Britishvolt is preparing to enter administration as early as Monday after the troubled UK battery start-up failed to secure additional funding, according to three people with knowledge of the matter.
The company, which has been developing a £3.8bn gigafactory in north-east England, has been in emergency fundraising talks for weeks after running down its cash pile.
It was trying to raise £200mn or to sell the company outright and had been in advanced talks with a number of potential buyers, including India’s Tata Motors, which owns Jaguar Land Rover.
A spokesperson for Britishvolt, which is backed by FTSE 100 mining group Glencore, declined to comment.
The pending collapse marks the end of a dream, promoted by former prime minister Boris Johnson, of a homegrown battery champion for the UK, but paves the way for a more established manufacturer to take over the proposed factory site in Blyth, Northumberland.
Any administration is likely to trigger a rush to secure the rights to the Blyth location.
Several other companies have been in talks with landowners to express their interest in the Blyth site, which is reckoned to be one of the best in Europe for battery manufacturing because of its deep seaport, rail links and clean energy.
Automotive leaders and analysts had always questioned the company’s strategy of setting up a factory before securing firm orders from a car manufacturer, rather than the established industry pattern of finding a customer and then building a plant.
Recently, the business’s current leaders have been trying to raise smaller sums in order to buy further time for a large salvation injection. The company has around one month’s cash left, according to two people briefed on the matter.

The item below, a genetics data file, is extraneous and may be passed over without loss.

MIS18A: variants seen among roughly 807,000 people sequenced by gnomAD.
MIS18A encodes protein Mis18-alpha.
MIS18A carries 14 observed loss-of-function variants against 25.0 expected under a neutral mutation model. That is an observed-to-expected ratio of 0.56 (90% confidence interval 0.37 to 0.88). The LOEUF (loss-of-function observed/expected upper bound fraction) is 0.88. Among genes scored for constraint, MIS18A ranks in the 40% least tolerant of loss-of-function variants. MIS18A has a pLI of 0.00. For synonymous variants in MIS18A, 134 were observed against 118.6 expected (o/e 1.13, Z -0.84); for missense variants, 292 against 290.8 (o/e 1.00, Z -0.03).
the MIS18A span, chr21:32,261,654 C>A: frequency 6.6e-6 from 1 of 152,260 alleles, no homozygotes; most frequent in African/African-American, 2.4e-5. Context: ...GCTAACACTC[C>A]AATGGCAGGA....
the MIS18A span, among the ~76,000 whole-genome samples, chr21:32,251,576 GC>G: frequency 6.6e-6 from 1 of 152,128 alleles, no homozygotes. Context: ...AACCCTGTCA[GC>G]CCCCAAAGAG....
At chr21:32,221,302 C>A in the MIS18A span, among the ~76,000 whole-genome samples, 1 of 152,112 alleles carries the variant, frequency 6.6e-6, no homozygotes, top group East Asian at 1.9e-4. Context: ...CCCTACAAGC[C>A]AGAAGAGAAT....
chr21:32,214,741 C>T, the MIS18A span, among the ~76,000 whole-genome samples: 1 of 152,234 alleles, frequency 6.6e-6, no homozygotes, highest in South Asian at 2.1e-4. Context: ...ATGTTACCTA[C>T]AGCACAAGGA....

One proposal under discussion involved an attempt to secure short-term funding to try and tide over Britishvolt’s operations until a larger deal or acquisition could be done, two people said. Some talks were continuing on Monday.
Ministers promised the company £100mn, but the funding was only to be drawn down as construction work hit a certain milestone, which has not yet been reached. Britishvolt executives had been trying several government avenues to unlock further financial support.
Within the past month, the company diverted funding from the site in Blyth to some of its battery work in order to try to preserve its dwindling cash reserves and to generate orders that would give it badly-needed revenues.
Separately on Monday, black cab maker LEVC has said it will lay off about 20 per cent of its staff, or around 140 roles.
The Geely-owned maker of the electric black taxi and an electric van has been struggling with sales during the pandemic and blamed supply chain disruption and the “global economic challenges” for the move.
LEVC is expected to launch a new wave of products next year that it hopes will increase sales.
Last year, the business delivered 1,620 vans and made a £118mn pre-tax loss.
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